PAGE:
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    Sex and Migraines

    By Amanda Gardner
    WebMD Feature
    Reviewed by David T. Derrer, MD

    Migraines can be tough on every aspect of your life, including romance and intimacy.

    "One study found that about one-quarter of patients mentioned that migraines affected the frequency or quality of sex," says Joshua M. Cohen, MD, director of education in the department of neurology at Mount Sinai West Hospital in New York. "Five percent even said it was the cause of their divorce or end of relationship."

    But it doesn't have to be that way. Take these steps to get your mojo back on track.

    Understand the Impact

    Symptoms of migraines include nausea, vomiting, and sensitivity to smells, lights, sounds, and movement and touch.

    Think about what it takes to have a good sexual experience. You can see how a migraine would limit that, says Teshamae Monteith, MD, chief of the headache division at the University of Miami Miller School of Medicine.

    Migraines may also have a more direct effect in the bedroom: One study found women with these headaches said they felt a higher level of pain and distress during intercourse. But another study showed sex actually relieved migraine symptoms for some women. Still others report sex with orgasm triggered migraines, but this is thought to be rare.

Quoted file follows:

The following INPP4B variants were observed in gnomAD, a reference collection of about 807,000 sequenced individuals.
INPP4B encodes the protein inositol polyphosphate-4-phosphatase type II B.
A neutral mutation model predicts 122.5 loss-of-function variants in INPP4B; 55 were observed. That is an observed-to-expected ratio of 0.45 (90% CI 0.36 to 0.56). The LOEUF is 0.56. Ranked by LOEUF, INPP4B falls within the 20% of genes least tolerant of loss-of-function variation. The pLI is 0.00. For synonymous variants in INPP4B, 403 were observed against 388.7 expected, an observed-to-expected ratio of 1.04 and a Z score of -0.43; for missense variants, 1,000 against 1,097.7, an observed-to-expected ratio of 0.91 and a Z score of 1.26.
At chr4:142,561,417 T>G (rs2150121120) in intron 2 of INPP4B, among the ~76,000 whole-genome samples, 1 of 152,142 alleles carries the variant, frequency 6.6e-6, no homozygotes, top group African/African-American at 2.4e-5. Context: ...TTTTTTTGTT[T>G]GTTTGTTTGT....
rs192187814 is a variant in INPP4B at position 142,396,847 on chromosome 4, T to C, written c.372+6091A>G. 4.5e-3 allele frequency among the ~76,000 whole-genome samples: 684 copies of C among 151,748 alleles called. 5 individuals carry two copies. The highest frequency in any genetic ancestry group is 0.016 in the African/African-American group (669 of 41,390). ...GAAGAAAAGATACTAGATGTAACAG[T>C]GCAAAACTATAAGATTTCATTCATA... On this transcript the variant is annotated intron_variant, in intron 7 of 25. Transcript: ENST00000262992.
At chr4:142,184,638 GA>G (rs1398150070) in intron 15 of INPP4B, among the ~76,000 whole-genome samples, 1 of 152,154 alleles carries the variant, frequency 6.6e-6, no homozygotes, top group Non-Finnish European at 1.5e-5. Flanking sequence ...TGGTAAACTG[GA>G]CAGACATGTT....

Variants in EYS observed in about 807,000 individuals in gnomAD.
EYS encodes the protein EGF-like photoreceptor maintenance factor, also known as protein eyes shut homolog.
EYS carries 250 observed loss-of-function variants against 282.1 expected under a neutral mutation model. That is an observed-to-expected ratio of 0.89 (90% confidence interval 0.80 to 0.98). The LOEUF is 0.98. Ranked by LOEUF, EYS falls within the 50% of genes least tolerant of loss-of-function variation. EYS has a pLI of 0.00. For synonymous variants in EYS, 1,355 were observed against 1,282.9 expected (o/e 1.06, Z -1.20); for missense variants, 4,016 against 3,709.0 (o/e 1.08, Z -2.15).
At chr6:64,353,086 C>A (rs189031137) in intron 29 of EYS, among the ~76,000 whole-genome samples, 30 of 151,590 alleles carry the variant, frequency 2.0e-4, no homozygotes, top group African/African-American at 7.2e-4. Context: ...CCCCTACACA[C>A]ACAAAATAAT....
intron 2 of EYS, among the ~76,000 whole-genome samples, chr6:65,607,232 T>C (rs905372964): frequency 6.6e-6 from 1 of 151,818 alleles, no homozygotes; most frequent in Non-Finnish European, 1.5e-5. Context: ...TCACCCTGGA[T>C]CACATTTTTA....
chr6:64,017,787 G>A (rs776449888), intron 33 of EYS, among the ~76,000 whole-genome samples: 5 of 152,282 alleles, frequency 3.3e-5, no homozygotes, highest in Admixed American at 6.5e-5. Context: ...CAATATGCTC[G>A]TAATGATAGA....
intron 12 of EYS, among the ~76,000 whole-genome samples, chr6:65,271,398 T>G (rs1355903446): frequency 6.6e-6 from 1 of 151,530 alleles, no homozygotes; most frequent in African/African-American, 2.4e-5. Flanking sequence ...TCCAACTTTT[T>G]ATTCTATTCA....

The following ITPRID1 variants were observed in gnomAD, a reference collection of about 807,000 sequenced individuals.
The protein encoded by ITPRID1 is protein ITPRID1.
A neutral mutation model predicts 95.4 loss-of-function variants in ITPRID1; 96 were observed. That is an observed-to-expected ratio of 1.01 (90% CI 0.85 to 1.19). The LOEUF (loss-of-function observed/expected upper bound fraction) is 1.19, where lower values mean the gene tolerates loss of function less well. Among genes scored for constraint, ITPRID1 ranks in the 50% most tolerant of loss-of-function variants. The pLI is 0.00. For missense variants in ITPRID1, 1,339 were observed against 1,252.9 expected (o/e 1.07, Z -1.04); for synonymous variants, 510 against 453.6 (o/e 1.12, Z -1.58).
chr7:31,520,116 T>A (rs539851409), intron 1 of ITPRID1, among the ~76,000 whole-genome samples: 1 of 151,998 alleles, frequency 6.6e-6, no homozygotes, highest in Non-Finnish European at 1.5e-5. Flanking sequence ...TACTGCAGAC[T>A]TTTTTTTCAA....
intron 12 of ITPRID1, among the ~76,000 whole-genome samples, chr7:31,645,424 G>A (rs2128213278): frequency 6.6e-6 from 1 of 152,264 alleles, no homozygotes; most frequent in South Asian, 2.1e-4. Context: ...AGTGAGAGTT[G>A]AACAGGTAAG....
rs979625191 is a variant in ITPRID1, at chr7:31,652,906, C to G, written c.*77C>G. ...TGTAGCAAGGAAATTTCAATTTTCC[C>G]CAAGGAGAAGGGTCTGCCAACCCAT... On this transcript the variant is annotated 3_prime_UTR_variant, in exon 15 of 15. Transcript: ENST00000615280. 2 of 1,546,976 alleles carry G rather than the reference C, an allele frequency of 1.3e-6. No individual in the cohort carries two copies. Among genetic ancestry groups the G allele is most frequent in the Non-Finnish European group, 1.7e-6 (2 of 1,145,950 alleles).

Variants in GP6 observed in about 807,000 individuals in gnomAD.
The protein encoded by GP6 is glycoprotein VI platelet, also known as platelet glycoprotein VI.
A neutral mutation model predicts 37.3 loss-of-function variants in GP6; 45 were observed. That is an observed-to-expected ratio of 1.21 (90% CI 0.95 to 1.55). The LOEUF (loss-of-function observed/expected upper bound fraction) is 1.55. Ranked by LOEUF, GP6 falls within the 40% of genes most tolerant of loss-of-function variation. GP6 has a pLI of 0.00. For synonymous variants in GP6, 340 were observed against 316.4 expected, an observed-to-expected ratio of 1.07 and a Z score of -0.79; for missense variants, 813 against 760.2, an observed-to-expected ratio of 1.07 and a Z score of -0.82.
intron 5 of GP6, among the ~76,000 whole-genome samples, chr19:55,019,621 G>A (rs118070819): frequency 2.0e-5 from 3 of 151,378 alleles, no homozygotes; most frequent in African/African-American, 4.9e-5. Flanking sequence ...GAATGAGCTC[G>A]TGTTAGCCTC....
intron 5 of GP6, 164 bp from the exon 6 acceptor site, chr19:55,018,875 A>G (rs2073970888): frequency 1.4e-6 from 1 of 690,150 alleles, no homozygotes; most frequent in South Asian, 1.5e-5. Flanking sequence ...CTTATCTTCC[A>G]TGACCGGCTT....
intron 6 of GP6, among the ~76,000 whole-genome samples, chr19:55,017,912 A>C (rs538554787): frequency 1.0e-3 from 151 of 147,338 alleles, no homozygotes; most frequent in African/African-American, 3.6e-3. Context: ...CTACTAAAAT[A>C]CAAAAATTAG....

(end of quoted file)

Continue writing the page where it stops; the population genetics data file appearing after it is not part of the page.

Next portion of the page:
Hold off the Headache

    Some people, especially those with chronic migraines, may need preventive medicines. If yours happen often, ask your doctor if there's something you can take to help stop them.

    People with chronic headaches have higher levels of depression and anxiety than those who don't get them. If you have either mood disorder and get it treated, that could boost your enthusiasm in the bedroom.

    About 75% of people who get migraines are women. If that's you, know that changes in hormone levels right before your period often trigger headaches. Knowing it's cyclical gives you an idea of when a migraine may throw a wrench in your love-making.

    For some women, taking birth control pills improves migraines, but for others, that can make them worse. Sometimes switching to a different type of pill helps.

    Many people do better when they stay on a regular schedule for meals and sleep. Daily exercise and drinking lots of water can help, too.

    "Lifestyle factors can have a profound impact on the condition," Cohen says.

    While being spontaneous might seem romantic, a "migraine doesn't do very well with change," he says.

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